The all-new Volvo V40 can be equipped with Adaptive Cruise Control (ACC), which promotes comfortable driving by using radar to automatically maintain a set time gap to the car in front.
    The driver sets the desired maximum speed and chooses a time interval to the vehicle in front. When the radar sensor detects a slower vehicle, the car's speed is automatically adapted to match the vehicle in front.
    The Queue Assist function on cars with automatic gearbox maintains the set gap all the way down to standstill, making this comfort-enhancing system extremely useful even in slow-moving queues with repeated starting and stopping.

    Pedestrian Detection - unique in this class
    Pedestrian Detection with full auto brake is a system that can detect if a pedestrian steps out into the road in front of the car. If the driver does not respond in time, the car can warn and automatically activate the brakes. No other car in this class features a similar technology.

    Pedestrian Airbag Technology - a world first
    In order to mitigate the consequences if a collision with a pedestrian is unavoidable, the Volvo V40 features newly developed Pedestrian Airbag Technology, a world first. It works like this:
    Sensors in the front bumper register the physical contact between the car and the pedestrian. The rear end of the bonnet is released and at the same time elevated by the deploying airbag.
    The inflated airbag covers the area under the raised bonnet plus approximately one third of the windscreen area and the lower part of the A-pillar.
    The raised bonnet and airbag will help reduce the severity of pedestrian injuries.
     
    Collision Warning and auto brake - with full braking power
    Pedestrian Detection with Full Auto Brake is a further development of the Collision Warning with Auto Brake technology already introduced by Volvo Car Corporation. The all-new V40 can also detect, alert and automatically brake if the car risks colliding with another vehicle in front.

    City Safety - now active up to 50 km/h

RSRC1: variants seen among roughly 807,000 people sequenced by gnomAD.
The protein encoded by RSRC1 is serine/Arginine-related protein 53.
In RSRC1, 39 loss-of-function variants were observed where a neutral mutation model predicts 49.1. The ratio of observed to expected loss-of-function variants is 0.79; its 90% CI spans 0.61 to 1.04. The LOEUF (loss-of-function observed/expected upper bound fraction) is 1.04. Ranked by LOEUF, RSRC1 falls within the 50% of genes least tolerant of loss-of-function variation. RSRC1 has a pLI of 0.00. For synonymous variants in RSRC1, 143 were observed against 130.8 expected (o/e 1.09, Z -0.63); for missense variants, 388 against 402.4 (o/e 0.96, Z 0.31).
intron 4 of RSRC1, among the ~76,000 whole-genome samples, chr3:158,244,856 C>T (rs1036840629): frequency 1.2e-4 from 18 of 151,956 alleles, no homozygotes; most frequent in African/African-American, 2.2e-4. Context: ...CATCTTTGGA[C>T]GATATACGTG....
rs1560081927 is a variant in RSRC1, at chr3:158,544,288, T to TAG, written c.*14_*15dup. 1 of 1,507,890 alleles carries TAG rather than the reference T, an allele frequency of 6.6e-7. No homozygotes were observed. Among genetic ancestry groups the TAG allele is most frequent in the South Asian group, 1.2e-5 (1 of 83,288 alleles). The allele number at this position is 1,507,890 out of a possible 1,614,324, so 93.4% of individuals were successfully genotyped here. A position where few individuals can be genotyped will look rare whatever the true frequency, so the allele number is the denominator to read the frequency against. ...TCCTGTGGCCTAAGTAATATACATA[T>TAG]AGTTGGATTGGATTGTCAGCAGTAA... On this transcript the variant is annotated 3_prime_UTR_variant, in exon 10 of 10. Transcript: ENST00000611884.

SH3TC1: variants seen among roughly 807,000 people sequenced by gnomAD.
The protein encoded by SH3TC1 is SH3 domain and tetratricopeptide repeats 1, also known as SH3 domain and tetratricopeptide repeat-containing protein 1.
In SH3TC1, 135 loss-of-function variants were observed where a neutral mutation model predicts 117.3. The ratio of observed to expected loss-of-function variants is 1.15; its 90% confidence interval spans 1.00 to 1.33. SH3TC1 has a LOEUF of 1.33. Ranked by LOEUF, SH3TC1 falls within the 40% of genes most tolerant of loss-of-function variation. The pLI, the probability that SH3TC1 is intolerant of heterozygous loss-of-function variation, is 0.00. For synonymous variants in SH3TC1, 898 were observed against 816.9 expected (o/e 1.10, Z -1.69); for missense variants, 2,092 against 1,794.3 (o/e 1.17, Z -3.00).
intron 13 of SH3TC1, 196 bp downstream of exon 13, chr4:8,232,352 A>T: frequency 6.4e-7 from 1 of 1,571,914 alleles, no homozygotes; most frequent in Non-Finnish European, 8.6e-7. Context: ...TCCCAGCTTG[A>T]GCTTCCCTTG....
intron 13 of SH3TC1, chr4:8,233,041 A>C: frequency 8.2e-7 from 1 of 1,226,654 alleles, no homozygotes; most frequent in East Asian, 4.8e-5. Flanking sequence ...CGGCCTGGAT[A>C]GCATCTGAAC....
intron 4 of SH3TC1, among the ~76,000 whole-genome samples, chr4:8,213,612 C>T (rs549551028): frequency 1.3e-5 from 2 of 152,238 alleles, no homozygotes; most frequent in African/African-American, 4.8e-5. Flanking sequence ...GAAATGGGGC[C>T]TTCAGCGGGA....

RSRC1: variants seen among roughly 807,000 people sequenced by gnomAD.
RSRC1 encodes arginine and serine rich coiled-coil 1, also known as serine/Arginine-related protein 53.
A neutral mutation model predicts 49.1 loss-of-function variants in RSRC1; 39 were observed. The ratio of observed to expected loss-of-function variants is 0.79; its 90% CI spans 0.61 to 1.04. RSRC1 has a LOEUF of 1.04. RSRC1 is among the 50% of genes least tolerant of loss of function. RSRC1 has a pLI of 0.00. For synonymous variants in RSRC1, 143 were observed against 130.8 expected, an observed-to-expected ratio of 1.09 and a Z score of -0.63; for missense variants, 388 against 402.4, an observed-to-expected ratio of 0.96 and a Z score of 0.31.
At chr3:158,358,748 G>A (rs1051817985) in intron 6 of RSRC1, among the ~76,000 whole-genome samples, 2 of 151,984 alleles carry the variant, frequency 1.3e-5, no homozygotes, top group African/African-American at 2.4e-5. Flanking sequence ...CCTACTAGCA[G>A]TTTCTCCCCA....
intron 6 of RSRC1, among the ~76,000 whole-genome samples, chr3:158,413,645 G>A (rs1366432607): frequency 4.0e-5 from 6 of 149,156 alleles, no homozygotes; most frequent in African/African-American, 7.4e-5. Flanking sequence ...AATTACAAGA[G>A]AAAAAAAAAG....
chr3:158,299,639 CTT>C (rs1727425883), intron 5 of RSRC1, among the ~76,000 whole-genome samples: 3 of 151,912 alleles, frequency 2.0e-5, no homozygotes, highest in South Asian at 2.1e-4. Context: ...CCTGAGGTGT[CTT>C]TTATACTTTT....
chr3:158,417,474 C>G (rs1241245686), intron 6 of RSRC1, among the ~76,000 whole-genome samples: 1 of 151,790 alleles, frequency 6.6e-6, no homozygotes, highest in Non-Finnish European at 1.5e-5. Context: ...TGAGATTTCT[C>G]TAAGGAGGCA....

The all-new V40 is the first Volvo that features an upgraded City Safety system. This system is now active at speeds up to 50 km/h (previously 30 km/h). The car automatically brakes if the driver fails to react in time when the vehicle in front slows down or stops - or if the car is approaching a stationary vehicle too fast.

    Driver Alert Control - detecting and warning tired drivers
    Driver Alert Control is designed to detect and warn tired drivers. The system can also cover other situations where the driver is distracted.

    Full set of crash safety features - including new knee airbag

    The driver's side is fitted with a new knee airbag. It is installed in the dashboard above the pedals and deployed together with the other airbags in the event of a frontal collision.

    Personal Car Communicator
    The V40 is available with a Personal Car Communicator remote that enables keyless drive. The remote can both transmit and receive signals, providing the driver with locking and alarm information. The positions of the driver's seat and the door mirrors are stored in the memory when the car is locked.

     
    Ends

    Enabling vehicles to communicate with each other, and with the traffic environment, opens up fantastic possibilities. Vital information can be shared and exchanged - creating a safer and more comfortable drive.
     
    This is why Volvo Car Corporation joined the CAR 2 CAR Communication Consortium together with other European automakers and suppliers. The aim is to have a common platform for CAR 2 CAR communication ready within five years.
     
    "In the future we will have advanced exchange of vital information between vehicles such as their position, speed and direction," says Erik Israelsson, Project Leader Cooperative ITS (Intelligent Transport Systems) at Volvo Car Corporation.
     
    Volvo Car Corporation recently signed a memorandum of understanding with the members of the CAR 2 CAR Communication Consortium regarding the implementation of standardized technology for communication between cars from 2016 and onwards.